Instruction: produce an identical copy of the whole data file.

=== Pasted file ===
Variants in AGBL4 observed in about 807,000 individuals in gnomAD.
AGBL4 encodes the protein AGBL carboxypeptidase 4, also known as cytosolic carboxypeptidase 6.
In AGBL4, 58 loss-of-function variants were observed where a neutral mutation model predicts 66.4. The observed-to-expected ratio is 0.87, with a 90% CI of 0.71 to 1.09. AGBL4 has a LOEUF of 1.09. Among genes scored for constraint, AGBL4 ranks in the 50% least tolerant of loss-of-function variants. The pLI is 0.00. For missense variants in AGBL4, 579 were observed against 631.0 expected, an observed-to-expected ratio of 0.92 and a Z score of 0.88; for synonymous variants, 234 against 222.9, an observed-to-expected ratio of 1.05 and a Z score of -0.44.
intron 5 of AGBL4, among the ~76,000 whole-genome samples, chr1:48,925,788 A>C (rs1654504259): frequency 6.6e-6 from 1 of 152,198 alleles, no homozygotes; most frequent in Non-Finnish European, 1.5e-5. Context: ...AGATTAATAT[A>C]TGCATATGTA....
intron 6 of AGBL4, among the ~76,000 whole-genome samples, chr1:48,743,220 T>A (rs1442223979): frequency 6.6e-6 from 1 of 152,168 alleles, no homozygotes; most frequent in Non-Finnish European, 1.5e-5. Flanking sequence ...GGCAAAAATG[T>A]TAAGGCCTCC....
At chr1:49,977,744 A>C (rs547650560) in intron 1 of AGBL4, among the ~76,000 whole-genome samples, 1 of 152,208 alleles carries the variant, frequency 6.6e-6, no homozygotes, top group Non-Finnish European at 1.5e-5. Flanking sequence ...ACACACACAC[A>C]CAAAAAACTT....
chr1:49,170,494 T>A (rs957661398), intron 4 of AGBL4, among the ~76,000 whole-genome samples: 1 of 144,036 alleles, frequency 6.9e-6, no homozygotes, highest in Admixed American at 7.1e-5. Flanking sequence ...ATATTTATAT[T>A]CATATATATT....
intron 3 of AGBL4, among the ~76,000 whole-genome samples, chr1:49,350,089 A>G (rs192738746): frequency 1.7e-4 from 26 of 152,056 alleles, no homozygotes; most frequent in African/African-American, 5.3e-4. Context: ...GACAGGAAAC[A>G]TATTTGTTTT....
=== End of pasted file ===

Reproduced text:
Variants in AGBL4 observed in about 807,000 individuals in gnomAD.
AGBL4 encodes the protein AGBL carboxypeptidase 4, also known as cytosolic carboxypeptidase 6.
In AGBL4, 58 loss-of-function variants were observed where a neutral mutation model predicts 66.4. The observed-to-expected ratio is 0.87, with a 90% CI of 0.71 to 1.09. AGBL4 has a LOEUF of 1.09. Among genes scored for constraint, AGBL4 ranks in the 50% least tolerant of loss-of-function variants. The pLI is 0.00. For missense variants in AGBL4, 579 were observed against 631.0 expected, an observed-to-expected ratio of 0.92 and a Z score of 0.88; for synonymous variants, 234 against 222.9, an observed-to-expected ratio of 1.05 and a Z score of -0.44.
intron 5 of AGBL4, among the ~76,000 whole-genome samples, chr1:48,925,788 A>C (rs1654504259): frequency 6.6e-6 from 1 of 152,198 alleles, no homozygotes; most frequent in Non-Finnish European, 1.5e-5. Context: ...AGATTAATAT[A>C]TGCATATGTA....
intron 6 of AGBL4, among the ~76,000 whole-genome samples, chr1:48,743,220 T>A (rs1442223979): frequency 6.6e-6 from 1 of 152,168 alleles, no homozygotes; most frequent in Non-Finnish European, 1.5e-5. Flanking sequence ...GGCAAAAATG[T>A]TAAGGCCTCC....
At chr1:49,977,744 A>C (rs547650560) in intron 1 of AGBL4, among the ~76,000 whole-genome samples, 1 of 152,208 alleles carries the variant, frequency 6.6e-6, no homozygotes, top group Non-Finnish European at 1.5e-5. Flanking sequence ...ACACACACAC[A>C]CAAAAAACTT....
chr1:49,170,494 T>A (rs957661398), intron 4 of AGBL4, among the ~76,000 whole-genome samples: 1 of 144,036 alleles, frequency 6.9e-6, no homozygotes, highest in Admixed American at 7.1e-5. Flanking sequence ...ATATTTATAT[T>A]CATATATATT....
intron 3 of AGBL4, among the ~76,000 whole-genome samples, chr1:49,350,089 A>G (rs192738746): frequency 1.7e-4 from 26 of 152,056 alleles, no homozygotes; most frequent in African/African-American, 5.3e-4. Context: ...GACAGGAAAC[A>G]TATTTGTTTT....